Lee Schulman...

"Camelot to Sand Lot"

By Roger Lee Miller

Lee Schulman replaced Bob Lemon in 1972. The bald Schulman was un-affectionately called "Chrome Dome." The following story, written in 1974 by Gary Deeb, TV and Radio critic for the Chicago Sun Times, summed up the situation:


Something is wrong, critically wrong, at WMAQ-Ch.5. And it cuts a lot deeper than just the local ratings, which have been slipping in a slow but steady glacial pattern since 1969.

Good, talented people are bailing out of Channel 5 in droves. The station's portrait gallery, once a crowded section in the Channel 5 reception area, keeps dwindling and closing ranks. Staff morale is absolutely deadly. And the only jokes being cracked are of the gallows-humor variety.

If CAMELOT was the Channel 5 theme song during the glory days of the '60s, then the station's current signature tune has to be "Exodus." What once was the most open free wheeling station in town has degenerated into a den of fear, paranoia, and walking-on-eggs.

And at the center of this alarming transformation stands Lee Schulman, Channel 5's general manager, who, according to informed sources at the station, is the "black hat" - the primary cause of discontent among the past and present employees.

The lineup of superb but unhappy broadcasters who have left channel 5 in the last year is staggering . . . and probably unprecedented. Consider:

Len O'Connor, a Chicago landmark for 35 years, defected last month to WGN-Ch. 9. The slashing commentator climaxed his seething hate affair with Schulman by ridiculing the G.M. on the 10 o'clock news.

Harry Volkman, the town's senior TV weatherman, jumped to Channel 9 last April in the wake of management's efforts to trim his air time.

Program manager Harry Trigg, a classy, dedicated TV executive, stunned everybody by quitting last winter for a similar job at Channel 9. A personality clash with Schulman was the key to Trigg's departure after 24 years.

Producer Ed Spray, an 8 1/2-year Channel 5 veteran responsible for many splendid documentaries, left in November to become program manager at WBBM-Ch. 2.

Bill Heitz, a first-rate 12-year man who produced SORTING IT OUT and the old SUNDAY NIGHT SPECIAL, resigned in October and joined WTTW-Ch. 11.

Bud Prather, Channel 5's station manager got "banished to Siberia" a year ago when he was named engineering director for NBC radio in New York. Reliable insiders agree that Schulman was behind that move.

And now Scott Craig, the brilliant film maker who produced some of Chicago TV's greatest documentaries, is leaving Channel 5 after 10 years. In a few months he will become Channel 2's executive producer.

The astounding talent drain is no accident. As one broadcaster told me: "For many years we all felt that we had a kind of paradise at Channel 5. There were all sorts of local documentaries being telecast in prime time. We were having great fun and doing good work. Now that's all over. Morale over there is just terrible. I've gotten to the point where, when I go downtown, I don't even want to stop up there anymore. It's too depressing."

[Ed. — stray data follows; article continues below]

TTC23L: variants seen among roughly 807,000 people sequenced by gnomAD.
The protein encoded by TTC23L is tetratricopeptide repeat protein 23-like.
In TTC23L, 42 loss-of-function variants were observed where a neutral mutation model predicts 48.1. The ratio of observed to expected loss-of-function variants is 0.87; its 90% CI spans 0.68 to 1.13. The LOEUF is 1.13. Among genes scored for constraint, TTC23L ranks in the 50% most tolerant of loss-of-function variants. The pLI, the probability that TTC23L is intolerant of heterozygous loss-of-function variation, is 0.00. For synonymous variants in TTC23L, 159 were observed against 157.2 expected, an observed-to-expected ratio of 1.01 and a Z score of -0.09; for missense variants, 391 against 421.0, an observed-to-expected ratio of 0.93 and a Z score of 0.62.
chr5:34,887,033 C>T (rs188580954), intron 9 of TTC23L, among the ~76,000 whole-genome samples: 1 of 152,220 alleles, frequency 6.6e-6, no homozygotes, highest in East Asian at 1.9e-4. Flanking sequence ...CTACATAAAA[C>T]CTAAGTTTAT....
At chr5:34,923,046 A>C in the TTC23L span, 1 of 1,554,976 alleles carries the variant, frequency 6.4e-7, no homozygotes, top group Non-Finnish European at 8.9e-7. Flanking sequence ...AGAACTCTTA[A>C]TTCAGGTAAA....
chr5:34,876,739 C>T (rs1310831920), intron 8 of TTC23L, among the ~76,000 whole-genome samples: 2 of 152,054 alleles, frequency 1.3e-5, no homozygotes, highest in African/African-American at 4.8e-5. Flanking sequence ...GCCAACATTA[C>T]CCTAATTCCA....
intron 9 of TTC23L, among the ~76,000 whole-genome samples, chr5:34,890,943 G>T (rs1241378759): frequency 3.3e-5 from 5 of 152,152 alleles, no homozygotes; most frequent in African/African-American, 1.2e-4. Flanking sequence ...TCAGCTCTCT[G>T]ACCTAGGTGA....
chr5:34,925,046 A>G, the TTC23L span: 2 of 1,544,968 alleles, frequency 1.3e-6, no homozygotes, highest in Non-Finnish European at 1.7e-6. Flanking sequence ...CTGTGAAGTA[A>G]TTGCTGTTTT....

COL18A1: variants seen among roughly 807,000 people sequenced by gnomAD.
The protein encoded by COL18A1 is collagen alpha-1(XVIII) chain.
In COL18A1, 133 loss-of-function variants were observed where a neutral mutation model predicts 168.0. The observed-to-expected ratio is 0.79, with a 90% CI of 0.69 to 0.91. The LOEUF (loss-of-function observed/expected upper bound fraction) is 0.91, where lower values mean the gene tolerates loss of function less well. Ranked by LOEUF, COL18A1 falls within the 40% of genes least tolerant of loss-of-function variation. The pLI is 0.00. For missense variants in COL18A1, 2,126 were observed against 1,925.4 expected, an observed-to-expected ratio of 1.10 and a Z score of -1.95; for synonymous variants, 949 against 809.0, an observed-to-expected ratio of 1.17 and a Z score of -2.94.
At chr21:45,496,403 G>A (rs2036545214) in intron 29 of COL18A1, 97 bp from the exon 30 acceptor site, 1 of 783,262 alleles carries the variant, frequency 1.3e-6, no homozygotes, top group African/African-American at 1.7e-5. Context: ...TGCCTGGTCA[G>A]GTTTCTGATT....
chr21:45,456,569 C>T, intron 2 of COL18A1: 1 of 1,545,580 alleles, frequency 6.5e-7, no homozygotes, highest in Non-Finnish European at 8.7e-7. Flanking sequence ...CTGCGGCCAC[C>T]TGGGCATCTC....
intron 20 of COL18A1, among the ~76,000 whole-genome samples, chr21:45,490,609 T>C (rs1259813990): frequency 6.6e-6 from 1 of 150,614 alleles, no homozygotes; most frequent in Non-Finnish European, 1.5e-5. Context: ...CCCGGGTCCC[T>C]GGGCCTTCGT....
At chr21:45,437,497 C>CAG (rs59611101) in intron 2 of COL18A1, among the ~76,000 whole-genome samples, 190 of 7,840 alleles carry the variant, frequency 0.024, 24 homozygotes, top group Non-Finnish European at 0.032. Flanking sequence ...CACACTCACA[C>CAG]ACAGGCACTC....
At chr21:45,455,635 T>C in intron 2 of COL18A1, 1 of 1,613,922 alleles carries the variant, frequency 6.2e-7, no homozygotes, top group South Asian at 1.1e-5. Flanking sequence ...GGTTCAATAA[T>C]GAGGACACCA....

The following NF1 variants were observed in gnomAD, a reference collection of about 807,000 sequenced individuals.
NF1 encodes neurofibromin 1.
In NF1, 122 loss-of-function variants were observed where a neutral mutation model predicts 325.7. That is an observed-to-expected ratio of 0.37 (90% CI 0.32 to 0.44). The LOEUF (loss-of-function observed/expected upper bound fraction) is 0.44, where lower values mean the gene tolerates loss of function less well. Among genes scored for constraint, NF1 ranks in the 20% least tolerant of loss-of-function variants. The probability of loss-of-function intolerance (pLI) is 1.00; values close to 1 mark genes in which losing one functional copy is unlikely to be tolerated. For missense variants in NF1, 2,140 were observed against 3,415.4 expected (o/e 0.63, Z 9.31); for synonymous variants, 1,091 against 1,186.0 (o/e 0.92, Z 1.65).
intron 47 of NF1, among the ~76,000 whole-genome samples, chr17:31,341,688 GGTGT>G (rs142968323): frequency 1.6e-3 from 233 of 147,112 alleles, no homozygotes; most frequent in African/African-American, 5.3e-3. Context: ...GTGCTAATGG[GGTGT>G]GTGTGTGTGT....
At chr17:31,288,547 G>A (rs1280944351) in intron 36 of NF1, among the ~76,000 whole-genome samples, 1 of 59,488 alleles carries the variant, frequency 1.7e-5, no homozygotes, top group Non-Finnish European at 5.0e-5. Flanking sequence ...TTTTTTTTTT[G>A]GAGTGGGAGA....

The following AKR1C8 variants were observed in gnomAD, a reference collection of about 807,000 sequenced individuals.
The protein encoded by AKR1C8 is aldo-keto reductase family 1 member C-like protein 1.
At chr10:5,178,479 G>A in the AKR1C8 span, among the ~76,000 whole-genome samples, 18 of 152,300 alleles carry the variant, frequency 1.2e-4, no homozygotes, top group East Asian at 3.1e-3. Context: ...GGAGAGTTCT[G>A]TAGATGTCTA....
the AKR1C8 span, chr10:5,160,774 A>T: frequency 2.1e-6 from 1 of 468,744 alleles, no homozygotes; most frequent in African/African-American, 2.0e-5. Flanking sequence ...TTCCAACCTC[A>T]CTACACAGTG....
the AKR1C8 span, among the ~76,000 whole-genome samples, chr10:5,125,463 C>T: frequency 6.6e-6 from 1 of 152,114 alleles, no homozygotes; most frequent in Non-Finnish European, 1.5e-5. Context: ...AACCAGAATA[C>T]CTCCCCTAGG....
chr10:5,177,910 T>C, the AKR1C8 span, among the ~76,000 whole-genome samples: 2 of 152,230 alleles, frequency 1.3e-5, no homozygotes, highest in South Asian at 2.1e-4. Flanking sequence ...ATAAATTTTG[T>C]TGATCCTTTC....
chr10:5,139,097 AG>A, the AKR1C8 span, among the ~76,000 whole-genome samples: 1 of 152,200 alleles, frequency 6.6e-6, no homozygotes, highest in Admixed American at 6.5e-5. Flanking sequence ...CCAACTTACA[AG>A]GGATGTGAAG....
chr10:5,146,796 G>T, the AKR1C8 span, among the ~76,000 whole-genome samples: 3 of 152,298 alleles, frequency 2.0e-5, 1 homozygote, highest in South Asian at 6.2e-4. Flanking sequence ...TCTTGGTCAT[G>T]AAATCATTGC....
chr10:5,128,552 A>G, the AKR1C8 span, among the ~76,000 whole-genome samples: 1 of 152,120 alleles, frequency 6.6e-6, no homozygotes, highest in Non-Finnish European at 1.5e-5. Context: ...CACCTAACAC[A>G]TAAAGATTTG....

Things started going downhill 2 1/2 years ago when Schulman succeeded Bob Lemon as Channel 5's bossman. Lemon, extremely well-liked by the troops, was a tough act to follow, and Schulman's own personal abrasiveness made the transition even bumpier.

"Schulman affected the news department right away," recalled an ex-Channel 5 man. "He built a new set and started playing around with the news - and a lot of people in the newsroom didn't like him messing around."

At that point, a half-dozen news employees quit, most of them going over to the TVN news service.

"It was really sad," continued the source, "Channel 5 had come thru a Golden Age of local television in terms of what we did during the Bob Lemon regime. When Schulman came in, all that prime-time documentary programming dried right up. We just weren't doing things anymore. Schulman's feeling was that there wasn't anybody in Chicago who knew anything about television. He was arrogant."

Schulman's chief contribution to local programing at Channel 5 has been 'Chicago Camera,' a live-remote Sunday afternoon series that, at its best, is pretty dismal.

The overall feeling among the station's rank-and file is that Channel 5 has ceased to be a great TV station. Local programming in prime time is either absent or innocuous. The station is devoid of spirit, and journalistic enterprise is suffering.

In fairness, there are some people who insist that Schulman carries out his monetary corner-cutting and other programming edicts under strict orders from his NBC superiors in New York, and that he doesn't deserve his hatchet-man reputation.

But another year like 1974 could reduce Channel 5 to a weak-sister status that could take years to shake off. It's time to put away the hatchet. And remember past glory."

Gary Deeb's report accurately summarized Schulman's regime.

Next: The move to the NBC Tower...

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